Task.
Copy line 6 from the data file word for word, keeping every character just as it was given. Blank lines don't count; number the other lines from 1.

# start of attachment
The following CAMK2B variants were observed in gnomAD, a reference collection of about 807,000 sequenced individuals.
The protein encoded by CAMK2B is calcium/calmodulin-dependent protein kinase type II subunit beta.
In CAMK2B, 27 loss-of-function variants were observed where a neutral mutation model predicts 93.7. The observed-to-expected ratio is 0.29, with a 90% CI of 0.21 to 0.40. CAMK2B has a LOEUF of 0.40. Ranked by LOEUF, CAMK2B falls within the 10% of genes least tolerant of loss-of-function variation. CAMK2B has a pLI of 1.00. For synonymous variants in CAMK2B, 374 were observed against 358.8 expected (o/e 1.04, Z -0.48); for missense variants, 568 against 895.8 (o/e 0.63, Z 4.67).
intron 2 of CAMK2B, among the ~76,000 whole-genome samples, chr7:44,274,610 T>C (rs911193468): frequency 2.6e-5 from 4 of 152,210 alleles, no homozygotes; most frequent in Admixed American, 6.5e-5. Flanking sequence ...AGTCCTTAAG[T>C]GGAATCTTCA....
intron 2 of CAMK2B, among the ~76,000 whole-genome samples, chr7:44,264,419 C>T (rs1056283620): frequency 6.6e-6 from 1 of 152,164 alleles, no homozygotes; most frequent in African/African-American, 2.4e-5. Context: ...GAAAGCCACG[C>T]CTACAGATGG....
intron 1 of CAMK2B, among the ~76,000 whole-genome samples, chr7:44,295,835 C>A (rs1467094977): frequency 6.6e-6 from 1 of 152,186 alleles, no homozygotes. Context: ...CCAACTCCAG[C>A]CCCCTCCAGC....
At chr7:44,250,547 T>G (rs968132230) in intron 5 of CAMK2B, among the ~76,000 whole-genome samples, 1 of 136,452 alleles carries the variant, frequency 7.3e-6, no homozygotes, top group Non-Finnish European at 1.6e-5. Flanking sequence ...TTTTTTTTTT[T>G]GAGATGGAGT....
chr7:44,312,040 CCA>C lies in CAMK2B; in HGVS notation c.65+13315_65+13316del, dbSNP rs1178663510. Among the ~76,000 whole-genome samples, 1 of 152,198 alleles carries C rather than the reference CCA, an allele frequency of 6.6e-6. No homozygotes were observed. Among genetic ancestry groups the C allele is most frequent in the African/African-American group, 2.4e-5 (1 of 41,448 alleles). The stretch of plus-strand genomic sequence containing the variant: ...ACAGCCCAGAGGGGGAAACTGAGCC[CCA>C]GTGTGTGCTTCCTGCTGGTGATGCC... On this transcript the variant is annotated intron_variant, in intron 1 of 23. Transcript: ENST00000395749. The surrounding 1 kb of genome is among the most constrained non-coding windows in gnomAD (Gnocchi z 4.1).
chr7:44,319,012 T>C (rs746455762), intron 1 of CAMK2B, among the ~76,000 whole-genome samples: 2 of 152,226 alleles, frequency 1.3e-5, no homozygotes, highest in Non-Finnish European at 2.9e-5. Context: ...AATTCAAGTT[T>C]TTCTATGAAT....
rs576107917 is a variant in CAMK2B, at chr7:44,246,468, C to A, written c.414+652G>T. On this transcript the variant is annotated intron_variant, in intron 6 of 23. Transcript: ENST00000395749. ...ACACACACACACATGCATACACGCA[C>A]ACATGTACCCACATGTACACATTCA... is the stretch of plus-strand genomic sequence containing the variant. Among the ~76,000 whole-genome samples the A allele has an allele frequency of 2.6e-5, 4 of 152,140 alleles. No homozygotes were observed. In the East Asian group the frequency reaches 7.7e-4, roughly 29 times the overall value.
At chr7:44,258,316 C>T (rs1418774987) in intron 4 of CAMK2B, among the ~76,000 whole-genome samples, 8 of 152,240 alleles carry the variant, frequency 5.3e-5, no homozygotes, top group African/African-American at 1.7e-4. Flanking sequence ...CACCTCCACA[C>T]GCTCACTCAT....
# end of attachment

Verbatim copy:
intron 1 of CAMK2B, among the ~76,000 whole-genome samples, chr7:44,295,835 C>A (rs1467094977): frequency 6.6e-6 from 1 of 152,186 alleles, no homozygotes. Context: ...CCAACTCCAG[C>A]CCCCTCCAGC....